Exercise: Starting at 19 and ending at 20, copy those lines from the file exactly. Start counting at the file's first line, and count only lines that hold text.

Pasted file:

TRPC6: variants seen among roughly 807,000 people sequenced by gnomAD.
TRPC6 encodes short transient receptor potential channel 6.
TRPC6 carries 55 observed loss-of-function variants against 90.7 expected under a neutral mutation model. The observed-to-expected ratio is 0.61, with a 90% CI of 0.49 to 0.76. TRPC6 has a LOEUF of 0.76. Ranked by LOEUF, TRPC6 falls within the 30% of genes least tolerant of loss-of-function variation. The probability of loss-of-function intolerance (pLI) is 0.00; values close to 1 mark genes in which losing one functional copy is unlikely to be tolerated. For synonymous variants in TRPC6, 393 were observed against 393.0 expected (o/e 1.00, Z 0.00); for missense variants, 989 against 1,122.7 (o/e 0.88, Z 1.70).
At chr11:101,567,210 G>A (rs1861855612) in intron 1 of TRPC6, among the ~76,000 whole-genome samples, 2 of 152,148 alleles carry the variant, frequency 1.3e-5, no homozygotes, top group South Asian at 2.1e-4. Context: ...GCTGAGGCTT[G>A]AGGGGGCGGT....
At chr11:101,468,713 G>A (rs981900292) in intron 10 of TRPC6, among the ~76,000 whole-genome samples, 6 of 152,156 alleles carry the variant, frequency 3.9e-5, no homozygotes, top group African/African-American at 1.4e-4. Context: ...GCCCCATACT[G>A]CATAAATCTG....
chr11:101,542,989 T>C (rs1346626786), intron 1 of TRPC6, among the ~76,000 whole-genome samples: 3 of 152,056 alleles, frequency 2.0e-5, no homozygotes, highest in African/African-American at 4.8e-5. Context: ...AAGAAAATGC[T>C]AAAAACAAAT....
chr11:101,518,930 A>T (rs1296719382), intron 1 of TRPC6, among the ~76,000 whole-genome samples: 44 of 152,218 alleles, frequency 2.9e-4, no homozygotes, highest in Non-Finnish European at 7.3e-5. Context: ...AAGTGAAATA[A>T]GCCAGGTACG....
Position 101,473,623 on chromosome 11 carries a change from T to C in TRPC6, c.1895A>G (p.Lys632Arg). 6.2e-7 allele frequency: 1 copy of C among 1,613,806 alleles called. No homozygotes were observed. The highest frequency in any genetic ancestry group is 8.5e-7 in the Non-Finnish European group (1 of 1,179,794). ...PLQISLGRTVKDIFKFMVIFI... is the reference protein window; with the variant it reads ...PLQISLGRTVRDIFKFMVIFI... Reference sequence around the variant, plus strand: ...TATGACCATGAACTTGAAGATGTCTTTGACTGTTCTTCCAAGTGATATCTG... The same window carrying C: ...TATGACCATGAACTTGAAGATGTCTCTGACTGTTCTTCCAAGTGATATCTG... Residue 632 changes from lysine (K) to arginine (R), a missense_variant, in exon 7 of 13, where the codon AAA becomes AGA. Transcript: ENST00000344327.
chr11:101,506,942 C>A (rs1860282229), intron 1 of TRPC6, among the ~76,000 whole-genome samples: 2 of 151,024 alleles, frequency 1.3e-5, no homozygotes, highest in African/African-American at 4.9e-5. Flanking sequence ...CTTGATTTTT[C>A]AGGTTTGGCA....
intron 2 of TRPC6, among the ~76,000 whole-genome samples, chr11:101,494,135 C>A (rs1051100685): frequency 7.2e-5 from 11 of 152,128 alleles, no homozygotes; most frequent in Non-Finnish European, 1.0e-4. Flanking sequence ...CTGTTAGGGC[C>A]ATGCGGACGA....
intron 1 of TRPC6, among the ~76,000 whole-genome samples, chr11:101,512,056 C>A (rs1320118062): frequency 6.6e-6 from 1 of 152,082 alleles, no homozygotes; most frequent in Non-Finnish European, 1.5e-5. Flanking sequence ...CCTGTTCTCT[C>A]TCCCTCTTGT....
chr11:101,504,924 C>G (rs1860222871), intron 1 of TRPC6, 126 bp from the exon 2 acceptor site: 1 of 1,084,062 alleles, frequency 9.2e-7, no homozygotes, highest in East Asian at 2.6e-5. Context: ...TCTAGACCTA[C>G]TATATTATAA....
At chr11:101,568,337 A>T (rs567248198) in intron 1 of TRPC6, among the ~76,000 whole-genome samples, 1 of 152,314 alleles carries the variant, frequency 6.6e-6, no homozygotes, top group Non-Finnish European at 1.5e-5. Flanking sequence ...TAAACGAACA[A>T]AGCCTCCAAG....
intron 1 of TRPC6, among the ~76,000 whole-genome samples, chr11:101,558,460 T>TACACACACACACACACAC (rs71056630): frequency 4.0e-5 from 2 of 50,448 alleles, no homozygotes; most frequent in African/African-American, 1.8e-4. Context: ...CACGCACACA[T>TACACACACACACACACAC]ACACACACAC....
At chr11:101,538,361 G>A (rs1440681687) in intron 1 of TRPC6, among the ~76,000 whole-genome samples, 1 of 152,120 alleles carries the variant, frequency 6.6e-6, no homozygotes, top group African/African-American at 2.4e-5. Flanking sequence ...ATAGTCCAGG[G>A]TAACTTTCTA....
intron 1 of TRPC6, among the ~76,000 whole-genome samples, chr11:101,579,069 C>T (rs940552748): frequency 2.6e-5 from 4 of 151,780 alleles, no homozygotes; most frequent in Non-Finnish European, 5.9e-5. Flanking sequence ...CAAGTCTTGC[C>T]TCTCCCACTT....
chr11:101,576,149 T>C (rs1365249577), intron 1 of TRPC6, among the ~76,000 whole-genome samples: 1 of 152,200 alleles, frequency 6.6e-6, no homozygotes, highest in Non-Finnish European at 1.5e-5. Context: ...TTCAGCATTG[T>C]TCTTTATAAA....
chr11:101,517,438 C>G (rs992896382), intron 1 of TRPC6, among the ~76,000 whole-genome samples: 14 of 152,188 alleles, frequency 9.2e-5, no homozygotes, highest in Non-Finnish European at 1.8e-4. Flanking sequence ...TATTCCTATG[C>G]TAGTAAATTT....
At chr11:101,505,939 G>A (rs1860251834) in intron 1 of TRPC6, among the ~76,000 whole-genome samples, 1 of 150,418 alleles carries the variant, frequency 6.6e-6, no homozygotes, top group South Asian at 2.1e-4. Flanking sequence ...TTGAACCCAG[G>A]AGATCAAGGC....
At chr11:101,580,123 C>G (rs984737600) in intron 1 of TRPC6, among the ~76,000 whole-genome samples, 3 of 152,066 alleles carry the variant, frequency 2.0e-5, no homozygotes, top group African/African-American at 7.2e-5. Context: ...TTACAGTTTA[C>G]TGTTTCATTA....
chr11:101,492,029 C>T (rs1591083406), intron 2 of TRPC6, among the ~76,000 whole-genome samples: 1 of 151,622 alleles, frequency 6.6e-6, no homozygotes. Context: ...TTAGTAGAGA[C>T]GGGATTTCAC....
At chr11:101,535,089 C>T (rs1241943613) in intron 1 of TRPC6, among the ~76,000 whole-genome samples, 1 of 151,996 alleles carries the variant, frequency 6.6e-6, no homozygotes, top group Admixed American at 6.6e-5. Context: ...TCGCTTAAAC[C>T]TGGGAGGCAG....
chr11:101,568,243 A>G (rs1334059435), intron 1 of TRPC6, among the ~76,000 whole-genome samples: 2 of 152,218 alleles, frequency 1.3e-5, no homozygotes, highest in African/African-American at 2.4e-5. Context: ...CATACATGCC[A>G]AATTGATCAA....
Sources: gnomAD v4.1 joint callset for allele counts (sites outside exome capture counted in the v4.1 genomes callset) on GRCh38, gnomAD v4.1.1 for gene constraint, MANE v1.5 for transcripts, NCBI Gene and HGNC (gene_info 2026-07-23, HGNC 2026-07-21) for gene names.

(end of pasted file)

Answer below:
At chr11:101,505,939 G>A (rs1860251834) in intron 1 of TRPC6, among the ~76,000 whole-genome samples, 1 of 150,418 alleles carries the variant, frequency 6.6e-6, no homozygotes, top group South Asian at 2.1e-4. Flanking sequence ...TTGAACCCAG[G>A]AGATCAAGGC....
At chr11:101,580,123 C>G (rs984737600) in intron 1 of TRPC6, among the ~76,000 whole-genome samples, 3 of 152,066 alleles carry the variant, frequency 2.0e-5, no homozygotes, top group African/African-American at 7.2e-5. Context: ...TTACAGTTTA[C>G]TGTTTCATTA....